Crimea: Still in Crisis

VIKTOR DRACHEV / GETTY IMAGES
A masked pro-Russian gunman wearing a ribbon of Saint George guards at a check-point near the eastern Ukrainian city of Slavyansk, while an effigy of the acting prime minister, Arseniy Yatsenyuk, hangs on a cable.

In March of 2014, masked gunmen swarmed Crimean government buildings, taking the local airport and raising Russian flags across the region’s capital. The conflict that followed would become the staging ground for renewed tensions between Russia and the United States, in what many view as the beginnings of a quasi-Cold War. 

Tensions between Ukraine and Russia over Crimea are not new. Ethnically, Crimea has long since been drawn towards Russia, as the population consists mainly of ethnic Russians, with smaller but consequential Ukrainian and Crimean Tatar minorities. After the Soviet Union fell, many local Russian politicians fought to strengthen the region’s ties to Russia, driven by these historical and ethnic connections. In addition, the Crimean port city of Sevastopol has a major naval base, which houses the Black Sea Fleet, an important unit of the Russian navy. This major Russian presence in Ukraine has strained relations between the two countries in the past, as when pro-Western president Viktor Yushchenko insisted that Russia not use the fleet in its 2008 conflict with Georgia.

Russia finally made a move against Crimea in 2014, after Ukraine’s pro-Russian president, Viktor Yanukovych, was ousted by a series of violent protests. Separatists, backed by Russian military and intelligence units, seized control of the peninsula, with Russian President Vladimir Putin justifying the intervention as a move to protect ethnic Russians in Crimea. Two weeks later, a referendum was held in which Crimean citizens voted to join Russia. This referendum was deemed both illegitimate and illegal by the Ukrainian government, the European Union, the United States, and the U.N. General Assembly; all of which assert that Crimea remains under Ukrainian sovereignty.

Russia has increased their support for Crimean separatists, supplying them with manpower, funding, and weaponry. Scattered fighting continues in eastern Ukraine despite the implementation of a peace deal called the Minsk Agreements. Negotiated in February 2015 by Ukraine, Russia, France, and Germany, the Minsk Agreements demand an immediate cease-fire, amnesty for fighters, and the delivery of humanitarian aid, among other conditions. However, while many officials publicly support the Agreements, loose language, convoluted steps, and conflicting international objectives leave little chance for its successful implementation. In addition, the Ukrainian economy depends on Russia for oil and energy, remaining vulnerable when negotiating with Russia. Crippled by the loss of their eastern industry, Ukraine entered a free trade agreement with the EU, seeking to further integrate its economy with the rest of Europe, as well as simultaneously engaging in a trade war with Russia. Nonetheless, suffering from the continuous violence, the Ukrainian economy shrank by an estimated 10.5% in 2015.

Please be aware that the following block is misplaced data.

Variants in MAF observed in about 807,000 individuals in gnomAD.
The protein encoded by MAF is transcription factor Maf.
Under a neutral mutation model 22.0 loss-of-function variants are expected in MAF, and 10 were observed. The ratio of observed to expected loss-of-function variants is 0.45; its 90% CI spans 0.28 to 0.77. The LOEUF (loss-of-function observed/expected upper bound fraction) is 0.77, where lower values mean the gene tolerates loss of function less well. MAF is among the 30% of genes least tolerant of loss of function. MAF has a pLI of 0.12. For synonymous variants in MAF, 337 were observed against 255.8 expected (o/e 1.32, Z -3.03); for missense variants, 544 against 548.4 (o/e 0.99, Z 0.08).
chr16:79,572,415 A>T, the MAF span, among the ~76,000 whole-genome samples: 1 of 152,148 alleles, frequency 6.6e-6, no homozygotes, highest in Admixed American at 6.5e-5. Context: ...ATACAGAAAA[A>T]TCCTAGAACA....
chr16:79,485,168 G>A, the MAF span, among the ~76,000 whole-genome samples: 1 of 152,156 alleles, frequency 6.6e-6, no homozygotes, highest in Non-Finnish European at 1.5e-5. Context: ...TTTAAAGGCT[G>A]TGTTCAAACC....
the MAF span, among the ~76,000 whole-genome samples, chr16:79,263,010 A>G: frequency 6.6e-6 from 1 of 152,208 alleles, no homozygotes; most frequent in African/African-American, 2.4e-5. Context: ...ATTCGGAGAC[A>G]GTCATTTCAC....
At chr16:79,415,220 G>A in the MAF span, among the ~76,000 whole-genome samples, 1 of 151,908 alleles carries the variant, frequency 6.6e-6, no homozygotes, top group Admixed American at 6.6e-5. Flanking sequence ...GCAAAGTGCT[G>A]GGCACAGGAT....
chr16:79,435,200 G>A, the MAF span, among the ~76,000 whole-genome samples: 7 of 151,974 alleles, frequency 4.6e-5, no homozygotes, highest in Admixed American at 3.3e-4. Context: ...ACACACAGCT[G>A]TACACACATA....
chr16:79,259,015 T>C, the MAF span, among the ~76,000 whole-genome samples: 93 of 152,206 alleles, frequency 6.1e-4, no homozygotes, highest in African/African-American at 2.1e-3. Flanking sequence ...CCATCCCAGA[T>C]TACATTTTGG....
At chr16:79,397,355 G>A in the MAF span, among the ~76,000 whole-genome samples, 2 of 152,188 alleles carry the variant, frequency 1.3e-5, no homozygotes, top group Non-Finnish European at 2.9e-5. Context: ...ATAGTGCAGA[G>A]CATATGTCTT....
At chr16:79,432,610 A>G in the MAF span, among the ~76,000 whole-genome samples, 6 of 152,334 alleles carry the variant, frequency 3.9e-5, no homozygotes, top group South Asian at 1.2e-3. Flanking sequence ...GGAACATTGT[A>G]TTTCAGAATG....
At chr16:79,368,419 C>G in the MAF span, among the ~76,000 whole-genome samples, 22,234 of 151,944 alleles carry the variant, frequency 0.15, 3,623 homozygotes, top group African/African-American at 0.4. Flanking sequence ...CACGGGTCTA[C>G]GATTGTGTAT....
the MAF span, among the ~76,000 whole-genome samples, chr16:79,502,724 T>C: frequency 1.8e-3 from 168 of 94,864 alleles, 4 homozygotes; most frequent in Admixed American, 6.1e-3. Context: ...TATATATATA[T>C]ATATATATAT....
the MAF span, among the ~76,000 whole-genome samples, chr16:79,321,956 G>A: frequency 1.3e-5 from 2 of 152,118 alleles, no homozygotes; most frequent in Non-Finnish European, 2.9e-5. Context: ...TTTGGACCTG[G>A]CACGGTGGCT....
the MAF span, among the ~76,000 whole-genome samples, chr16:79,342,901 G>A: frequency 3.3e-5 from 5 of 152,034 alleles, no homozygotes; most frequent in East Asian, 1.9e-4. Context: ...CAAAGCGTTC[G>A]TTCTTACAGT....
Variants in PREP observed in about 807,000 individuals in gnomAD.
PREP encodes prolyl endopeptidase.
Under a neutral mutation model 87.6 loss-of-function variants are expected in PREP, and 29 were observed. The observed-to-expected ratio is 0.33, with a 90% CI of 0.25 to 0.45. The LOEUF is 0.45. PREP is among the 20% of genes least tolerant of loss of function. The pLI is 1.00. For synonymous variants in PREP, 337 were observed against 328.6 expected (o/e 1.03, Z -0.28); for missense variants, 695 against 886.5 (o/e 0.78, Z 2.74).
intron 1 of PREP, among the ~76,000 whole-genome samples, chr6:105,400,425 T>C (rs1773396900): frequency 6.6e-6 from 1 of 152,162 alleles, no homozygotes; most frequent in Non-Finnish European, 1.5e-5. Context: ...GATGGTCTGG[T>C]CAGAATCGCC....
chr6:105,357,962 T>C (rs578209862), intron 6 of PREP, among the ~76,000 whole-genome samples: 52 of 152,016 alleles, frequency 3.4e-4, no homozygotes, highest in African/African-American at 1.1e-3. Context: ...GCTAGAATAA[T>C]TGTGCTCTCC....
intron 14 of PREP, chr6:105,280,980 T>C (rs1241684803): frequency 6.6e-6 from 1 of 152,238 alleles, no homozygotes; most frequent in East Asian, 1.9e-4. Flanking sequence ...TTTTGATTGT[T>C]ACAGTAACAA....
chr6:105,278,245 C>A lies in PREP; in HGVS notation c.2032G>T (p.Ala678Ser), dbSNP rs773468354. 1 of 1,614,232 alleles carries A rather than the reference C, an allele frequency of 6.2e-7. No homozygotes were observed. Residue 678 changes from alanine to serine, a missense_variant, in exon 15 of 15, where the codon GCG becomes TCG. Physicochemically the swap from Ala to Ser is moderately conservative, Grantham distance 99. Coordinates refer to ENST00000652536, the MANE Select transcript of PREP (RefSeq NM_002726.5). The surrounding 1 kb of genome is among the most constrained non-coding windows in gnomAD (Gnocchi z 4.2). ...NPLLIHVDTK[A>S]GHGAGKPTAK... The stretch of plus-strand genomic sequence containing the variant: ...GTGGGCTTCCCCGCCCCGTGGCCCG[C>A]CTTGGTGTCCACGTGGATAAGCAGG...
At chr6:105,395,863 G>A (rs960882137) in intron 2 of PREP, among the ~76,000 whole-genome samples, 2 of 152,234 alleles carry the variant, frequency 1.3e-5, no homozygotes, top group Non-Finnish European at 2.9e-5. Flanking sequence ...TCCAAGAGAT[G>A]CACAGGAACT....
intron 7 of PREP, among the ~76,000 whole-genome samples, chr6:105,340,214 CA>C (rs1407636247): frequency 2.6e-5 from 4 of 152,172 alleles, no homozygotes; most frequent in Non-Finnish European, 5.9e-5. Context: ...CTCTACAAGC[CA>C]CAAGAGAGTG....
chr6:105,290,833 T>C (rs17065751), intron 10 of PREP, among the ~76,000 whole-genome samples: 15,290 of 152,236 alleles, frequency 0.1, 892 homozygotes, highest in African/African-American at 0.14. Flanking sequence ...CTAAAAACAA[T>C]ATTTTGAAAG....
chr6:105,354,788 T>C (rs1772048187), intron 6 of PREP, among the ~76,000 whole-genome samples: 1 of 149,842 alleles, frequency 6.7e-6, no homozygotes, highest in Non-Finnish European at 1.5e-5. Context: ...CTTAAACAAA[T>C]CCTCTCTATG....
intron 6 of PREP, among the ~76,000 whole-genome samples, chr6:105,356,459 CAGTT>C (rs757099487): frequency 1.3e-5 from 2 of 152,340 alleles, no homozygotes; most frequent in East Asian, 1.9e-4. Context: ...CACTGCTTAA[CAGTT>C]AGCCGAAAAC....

Russian involvement in the crisis is a bold challenge to the dominant democratic nations of the West, and it reveals much about Russia’s foreign policy priorities. While President Putin has publicly revealed no direct motives beyond the protection of ethnic Russians, this move echoes the 2008 Russo-Georgian conflict, in which Russian troops backed local separatists occupied swaths of Georgian territory. Both crises exhibit an increased Russian desire for regional influence, as Russia hopes to effect the policies and actions of neighboring states. Putin, who worked for the KGB before the Soviet Union fell, has long since wanted to restore Russia to its former domination as a global superpower, and reasserting Russian supremacy in Eastern Europe is the first step in achieving this goal. While a military takeover of the region is unlikely, seizing small territories in blatant defiance of Western governments reasserts Russia’s traditional sphere of influence and allows Putin to more easily create puppet states which defer to Russian rule.

Three years after Crimea’s annexation, the situation remains unresolved. The United States has repeatedly condemned Russia’s involvement in the crisis, including placing sanctions on Russia which have targeted major Russian banks, gas companies, and trade agreements. However, many feel these are not significant enough steps. Recently, a piece of bipartisan congressional legislation was introduced in the US Congress, establishing several concrete actions that must be taken to confront Russian aggression, such as increasing the use of sanctions, supplying the Ukrainian government with defensive weaponry, and combating Russian propaganda and disinformation. Ukraine holds an important position as a boarder country between Eastern and Western Europe. The continuing hostilities will determine both the geographical and ideological control that Russia can maintain in the region.